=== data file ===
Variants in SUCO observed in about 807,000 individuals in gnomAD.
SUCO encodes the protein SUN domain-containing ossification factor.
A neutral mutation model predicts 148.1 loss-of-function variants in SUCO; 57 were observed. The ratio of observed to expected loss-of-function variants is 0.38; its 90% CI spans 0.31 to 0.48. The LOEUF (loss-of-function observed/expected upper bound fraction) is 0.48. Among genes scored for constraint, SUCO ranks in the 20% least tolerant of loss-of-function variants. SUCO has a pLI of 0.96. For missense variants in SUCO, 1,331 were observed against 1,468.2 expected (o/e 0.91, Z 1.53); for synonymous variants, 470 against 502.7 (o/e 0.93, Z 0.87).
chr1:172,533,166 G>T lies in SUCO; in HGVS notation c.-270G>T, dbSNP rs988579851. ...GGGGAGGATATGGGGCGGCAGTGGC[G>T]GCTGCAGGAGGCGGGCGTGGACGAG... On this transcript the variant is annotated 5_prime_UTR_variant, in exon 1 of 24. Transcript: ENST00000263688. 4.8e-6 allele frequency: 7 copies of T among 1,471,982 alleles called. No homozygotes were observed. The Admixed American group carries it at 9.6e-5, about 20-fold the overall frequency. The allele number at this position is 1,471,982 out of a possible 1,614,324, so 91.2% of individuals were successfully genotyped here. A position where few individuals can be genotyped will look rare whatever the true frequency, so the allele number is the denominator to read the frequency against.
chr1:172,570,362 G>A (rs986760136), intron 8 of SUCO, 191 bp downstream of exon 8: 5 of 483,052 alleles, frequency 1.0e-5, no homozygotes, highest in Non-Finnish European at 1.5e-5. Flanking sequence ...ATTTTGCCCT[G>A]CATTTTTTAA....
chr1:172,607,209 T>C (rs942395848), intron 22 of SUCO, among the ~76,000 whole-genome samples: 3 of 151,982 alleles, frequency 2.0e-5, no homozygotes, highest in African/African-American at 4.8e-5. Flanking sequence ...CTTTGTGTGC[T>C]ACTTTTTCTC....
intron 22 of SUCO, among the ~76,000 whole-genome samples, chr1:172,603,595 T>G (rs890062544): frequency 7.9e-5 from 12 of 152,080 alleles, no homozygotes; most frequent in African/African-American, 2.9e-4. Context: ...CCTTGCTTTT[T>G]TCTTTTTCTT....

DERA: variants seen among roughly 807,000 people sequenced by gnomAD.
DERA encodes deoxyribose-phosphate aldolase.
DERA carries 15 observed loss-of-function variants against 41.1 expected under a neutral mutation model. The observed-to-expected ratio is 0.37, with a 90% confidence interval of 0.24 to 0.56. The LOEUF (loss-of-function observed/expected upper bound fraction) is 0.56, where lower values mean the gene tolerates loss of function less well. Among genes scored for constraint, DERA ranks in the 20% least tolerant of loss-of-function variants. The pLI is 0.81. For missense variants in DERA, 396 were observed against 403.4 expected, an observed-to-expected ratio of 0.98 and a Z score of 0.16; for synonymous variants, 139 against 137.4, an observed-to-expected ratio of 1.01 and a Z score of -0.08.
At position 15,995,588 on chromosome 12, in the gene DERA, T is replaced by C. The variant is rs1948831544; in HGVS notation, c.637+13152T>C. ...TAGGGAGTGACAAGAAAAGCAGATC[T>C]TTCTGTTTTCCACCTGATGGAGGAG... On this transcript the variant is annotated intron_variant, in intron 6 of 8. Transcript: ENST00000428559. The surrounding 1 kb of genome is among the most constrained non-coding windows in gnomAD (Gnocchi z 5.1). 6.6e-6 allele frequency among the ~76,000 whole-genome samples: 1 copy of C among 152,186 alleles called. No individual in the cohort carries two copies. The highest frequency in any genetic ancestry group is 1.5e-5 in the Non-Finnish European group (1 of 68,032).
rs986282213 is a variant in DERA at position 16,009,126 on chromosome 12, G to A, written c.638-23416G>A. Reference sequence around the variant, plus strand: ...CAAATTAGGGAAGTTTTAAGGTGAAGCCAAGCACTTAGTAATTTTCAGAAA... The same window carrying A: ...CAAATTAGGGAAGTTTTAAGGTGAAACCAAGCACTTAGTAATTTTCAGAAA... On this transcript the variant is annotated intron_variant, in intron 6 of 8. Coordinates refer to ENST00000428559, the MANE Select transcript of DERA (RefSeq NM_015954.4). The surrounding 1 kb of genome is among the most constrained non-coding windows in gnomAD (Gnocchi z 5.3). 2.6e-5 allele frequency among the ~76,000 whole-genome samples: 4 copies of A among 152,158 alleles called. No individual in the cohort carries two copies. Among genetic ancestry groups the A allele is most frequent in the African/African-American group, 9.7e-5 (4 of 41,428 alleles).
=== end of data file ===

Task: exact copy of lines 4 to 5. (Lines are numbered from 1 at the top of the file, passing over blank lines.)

chr1:172,533,166 G>T lies in SUCO; in HGVS notation c.-270G>T, dbSNP rs988579851. ...GGGGAGGATATGGGGCGGCAGTGGC[G>T]GCTGCAGGAGGCGGGCGTGGACGAG... On this transcript the variant is annotated 5_prime_UTR_variant, in exon 1 of 24. Transcript: ENST00000263688. 4.8e-6 allele frequency: 7 copies of T among 1,471,982 alleles called. No homozygotes were observed. The Admixed American group carries it at 9.6e-5, about 20-fold the overall frequency. The allele number at this position is 1,471,982 out of a possible 1,614,324, so 91.2% of individuals were successfully genotyped here. A position where few individuals can be genotyped will look rare whatever the true frequency, so the allele number is the denominator to read the frequency against.
chr1:172,570,362 G>A (rs986760136), intron 8 of SUCO, 191 bp downstream of exon 8: 5 of 483,052 alleles, frequency 1.0e-5, no homozygotes, highest in Non-Finnish European at 1.5e-5. Flanking sequence ...ATTTTGCCCT[G>A]CATTTTTTAA....